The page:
I seem to be operating on a marked bell-curve. In the early 1960's, various folks had to introduce me to things that would entertain AND instruct me. Subsequently, I went through about twenty years during which I picked and chose according to my own (and admittedly self-congratulatory) tastes.

These days?... I'm just awfully delighted when someone shows me (as you just did) something I'm likely to find both diverting and informative.

Thanks so much for the useful tip...."EcoNesting" looks to become one of my favorite spots.

Incidentally? don't worry too much about your "green cred".

Last night, I horrifiedly realized at our local food Lion (which is NOT at all to be confused with Whole Foods) that even they were de-accessioning, so to speak, all their "normal" light bulbs.

I bought every single one of those things that were left on the shelves, and I've since stockpiled them in my back-pantry. No member of the Ancien Regime ever sewed her blood-diamonds into the hems of her petticoats with such a vengeance as I snatched all those light bulbs last night. I HATE these new, "eco-friendly" light bulbs.

So, basically & by comparison?...You're just fine, Ms. Browning. My own "green cred" has just been (to borrow a phrase from your own H&G columns) shot-to-shit.


David Terry

Karena said...

Dominique the entire post is wonderful, however especially the story at the very end.

There are jewels all around us!!

Art by Karena

david terry said...

Okay...I want to know about the snake sculpture....or whatever it is..it's beautiful.

I have three very-long, coiled-up, plaster castings of rattlesnakes (trust me....they scare folks who encounter them by the front-room's fireplace).

They were all gifts (among many others) from my constant friend and good neighbor, Felton Nease (double Ph.D. in Biology and Botany from Duke, circa 1948). He died, at age 93, this past fall....QUITE lively and active until he ran his truck into a telephone pole two doors down from my front porch.

So, I want to know about this "snake" that Ms. Browning has...is it glass....or what?...

If, Ms. Browning, you're selling?.... I'll be buying.....


David Terry

Lorna Carrier Smith said...

I can solve your nightgown problem! Go to HannaAndersson.com and buy one (2? 3?) of her fabulous stripes. Knit, amazingly comfortable, durable, perfect!

Sarah said...

THANK YOU Dominique!! Mary and I are charmed and thrilled about our moment on SlowLoveLife!!
It was AMAZING to bump into you with my fashionable bump who is now 22 yrs old and writing poetry that has me panting.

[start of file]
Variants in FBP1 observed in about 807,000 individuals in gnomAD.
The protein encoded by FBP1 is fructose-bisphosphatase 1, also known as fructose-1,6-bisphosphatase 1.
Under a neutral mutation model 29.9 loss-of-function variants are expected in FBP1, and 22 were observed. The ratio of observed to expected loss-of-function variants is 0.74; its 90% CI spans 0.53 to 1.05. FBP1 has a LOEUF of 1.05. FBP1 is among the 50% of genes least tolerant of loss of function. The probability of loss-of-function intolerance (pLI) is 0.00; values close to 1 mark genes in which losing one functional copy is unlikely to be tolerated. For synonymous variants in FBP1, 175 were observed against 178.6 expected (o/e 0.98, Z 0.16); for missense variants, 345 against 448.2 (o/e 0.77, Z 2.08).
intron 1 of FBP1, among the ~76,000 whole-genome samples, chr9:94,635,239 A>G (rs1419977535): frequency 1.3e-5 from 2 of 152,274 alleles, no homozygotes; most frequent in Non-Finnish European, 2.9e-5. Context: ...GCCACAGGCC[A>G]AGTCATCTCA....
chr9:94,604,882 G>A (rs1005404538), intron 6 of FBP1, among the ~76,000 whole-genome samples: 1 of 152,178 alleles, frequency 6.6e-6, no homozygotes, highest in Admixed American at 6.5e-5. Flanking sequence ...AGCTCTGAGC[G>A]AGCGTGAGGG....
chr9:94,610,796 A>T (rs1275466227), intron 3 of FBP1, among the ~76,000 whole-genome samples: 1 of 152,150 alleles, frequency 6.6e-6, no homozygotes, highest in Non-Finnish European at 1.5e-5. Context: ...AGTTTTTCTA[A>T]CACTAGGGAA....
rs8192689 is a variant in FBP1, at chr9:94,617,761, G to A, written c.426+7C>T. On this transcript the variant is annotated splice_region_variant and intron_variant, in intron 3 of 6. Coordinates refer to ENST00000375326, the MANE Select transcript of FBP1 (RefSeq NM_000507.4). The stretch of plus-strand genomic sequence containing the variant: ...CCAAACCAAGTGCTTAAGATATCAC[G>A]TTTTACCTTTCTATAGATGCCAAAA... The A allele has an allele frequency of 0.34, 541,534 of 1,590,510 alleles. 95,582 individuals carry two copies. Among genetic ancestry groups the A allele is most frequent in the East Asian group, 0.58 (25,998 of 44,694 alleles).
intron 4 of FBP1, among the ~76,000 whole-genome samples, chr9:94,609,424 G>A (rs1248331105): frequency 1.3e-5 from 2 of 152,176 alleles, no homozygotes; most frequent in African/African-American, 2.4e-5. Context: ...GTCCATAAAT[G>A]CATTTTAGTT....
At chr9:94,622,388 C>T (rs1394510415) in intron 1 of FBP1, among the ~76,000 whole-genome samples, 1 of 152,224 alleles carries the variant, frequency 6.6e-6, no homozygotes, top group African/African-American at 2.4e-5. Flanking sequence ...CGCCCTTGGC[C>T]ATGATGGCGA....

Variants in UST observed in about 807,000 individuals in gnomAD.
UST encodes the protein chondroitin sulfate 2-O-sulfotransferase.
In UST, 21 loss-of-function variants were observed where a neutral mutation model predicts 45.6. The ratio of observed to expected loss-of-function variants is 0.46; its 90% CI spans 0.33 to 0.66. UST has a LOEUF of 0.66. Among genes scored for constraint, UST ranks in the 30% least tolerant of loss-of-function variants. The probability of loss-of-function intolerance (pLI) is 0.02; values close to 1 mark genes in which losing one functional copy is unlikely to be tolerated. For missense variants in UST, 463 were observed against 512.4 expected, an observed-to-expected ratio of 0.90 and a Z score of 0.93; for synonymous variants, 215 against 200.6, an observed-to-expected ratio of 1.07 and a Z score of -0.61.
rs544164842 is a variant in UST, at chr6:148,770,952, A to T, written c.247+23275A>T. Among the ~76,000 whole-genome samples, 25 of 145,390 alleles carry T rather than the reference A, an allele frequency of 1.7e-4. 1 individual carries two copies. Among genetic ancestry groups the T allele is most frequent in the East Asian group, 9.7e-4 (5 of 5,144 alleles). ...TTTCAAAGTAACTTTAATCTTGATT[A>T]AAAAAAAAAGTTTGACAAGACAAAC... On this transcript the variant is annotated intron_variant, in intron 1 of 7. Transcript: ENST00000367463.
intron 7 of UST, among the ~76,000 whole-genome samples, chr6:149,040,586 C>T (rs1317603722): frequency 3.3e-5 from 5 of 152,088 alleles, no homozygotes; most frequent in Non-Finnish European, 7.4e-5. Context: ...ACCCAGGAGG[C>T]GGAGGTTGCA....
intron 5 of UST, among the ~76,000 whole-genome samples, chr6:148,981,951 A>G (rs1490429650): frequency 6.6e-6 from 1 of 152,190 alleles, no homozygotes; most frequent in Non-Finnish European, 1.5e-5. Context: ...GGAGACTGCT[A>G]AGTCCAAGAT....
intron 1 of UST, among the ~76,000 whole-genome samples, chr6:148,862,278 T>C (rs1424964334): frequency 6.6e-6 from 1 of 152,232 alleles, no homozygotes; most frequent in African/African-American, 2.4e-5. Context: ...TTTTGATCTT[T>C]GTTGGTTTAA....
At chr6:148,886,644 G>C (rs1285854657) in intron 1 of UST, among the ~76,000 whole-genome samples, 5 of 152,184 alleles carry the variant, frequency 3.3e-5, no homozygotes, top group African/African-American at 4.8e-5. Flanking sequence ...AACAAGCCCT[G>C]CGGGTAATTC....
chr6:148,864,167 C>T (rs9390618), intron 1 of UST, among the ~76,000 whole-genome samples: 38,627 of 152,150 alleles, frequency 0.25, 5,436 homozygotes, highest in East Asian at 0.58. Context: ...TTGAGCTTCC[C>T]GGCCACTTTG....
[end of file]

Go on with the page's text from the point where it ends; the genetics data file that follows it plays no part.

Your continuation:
Your community of readers is truly marvelous and I would love to know what they all think of PracticallyGreen.com. Gotta run to post a blog there right now!!

Warren said...

Reporting further on the lack of efficiency of cable boxes, there appears to be no current solution. I have taken a power strip with on/off button and am now using that to completely power down the system. The spare DVD/R I never use in the kitchen is unplugged. The best solution is to have thousands of households complain to Comcast to offer European-box solutions here.

As for light bulbs, my attic is stocked with hundreds and hundreds. We should have a contest to see who has more. David, you game?

Ladies, do not wait; unless you want to apply mascara under a blue-ish light, run to Home Depot and selfishly by out all those round make-up 40 Watt bulbs.

On mortality and pearls, lately I have gone to http://www.artnet.com/ and casually appraised some of my art and stuck postnets to the backs to let the kids know that schtick-y Norman Rockwell 'Saying Grace' litho I bought when I was 22 is now worth 10K.

BTW do you have a list of passwords written down for your loved ones to clean up your act? Maybe even get to some cash to pay the mortgage?

I know we are bordering dangerously close to doddering-age advice but I could have a giant meteorite or failing Dreamliner squash me like a duck on a June bug...

The kids will probably make a fortune tho on all those light bulbs.

Being as green as I want to be as I bask in my incandescent glow...

VL said...

David and Warren, you might make a fortune by selling those lightbulbs -- I'd certainly buy some! (Could this all just be a dastardly plot by GE to sell more lightbulbs?)

Ironically, there is a serious environmental problem with compact fluorescent bulbs --besides the fact they make the indoor environment ugly, that is: they contain mercury. They can't be thrown out like normal bulbs, they must be treated as hazardouds waste (yes, just like batteries, paint, and thermometers). If one breaks in your home, you will breathe in mercury vapor. Not good.

Fortunately, the federal law that was passed in 2007 mandates only increased efficiency, not wholesale conversion to the CFBs, by 2014. My bet is that we'll be able to have aesthetically pleasing indoor light at lower energy costs by then. In the meantime, I think it's more environmentally conscientious to use the most efficient incandescent lights we can find, and just turn them off when we leave the room.

In related don't-jump-on-the-bandwagon-too-quickly news, there are some serious drawbacks to the new compostable plastics used by some restaurants. As one would predict, it's throwing a wrench into the sorting of plastics, and if the plastics are mixed, it's more likely the whole bail will be dumped in landfill, recyclable and compostable together. Here's an article about the problem: http://www.alternet.org/environment/151543/compostable_or_recyclable_why_bioplastics_are_causing_an_environmental_headache

Solution: avoid single-use plastics. But we knew that disposability is the driving force behind all this waste anyway, right?

Warren said...

I'm afraid the average citizen isn't aware about the hazards, nor worrying too much about proper disposal of these e-bulbs. Home Depot FINALLY has begun taking them back but you wouldn't know it from the lack of signage and hidden recycle containers. Without the education and recycle support I fear this will be as in(s)ane as corn-based ethanol.

BTW it takes about 45 seconds for the cable/TV/gizmos to power-on. Not a bad trade-off for my baaaad light bulb habit.

pamingram said...

thanks for all the links and information. EcoNesting and Practically Green are great finds, psi

VL said...

From the Department of Perfect Timing, an update on light bulbs, from Climate Progress: "Republicans Set to Repeal light Bulb Efficiency Standard That Would Save Consumers $12 Billion A Year"


Worth a read. Still, I hope companies will make more efficient light bulbs.... and there are plenty of bigger ways to save energy.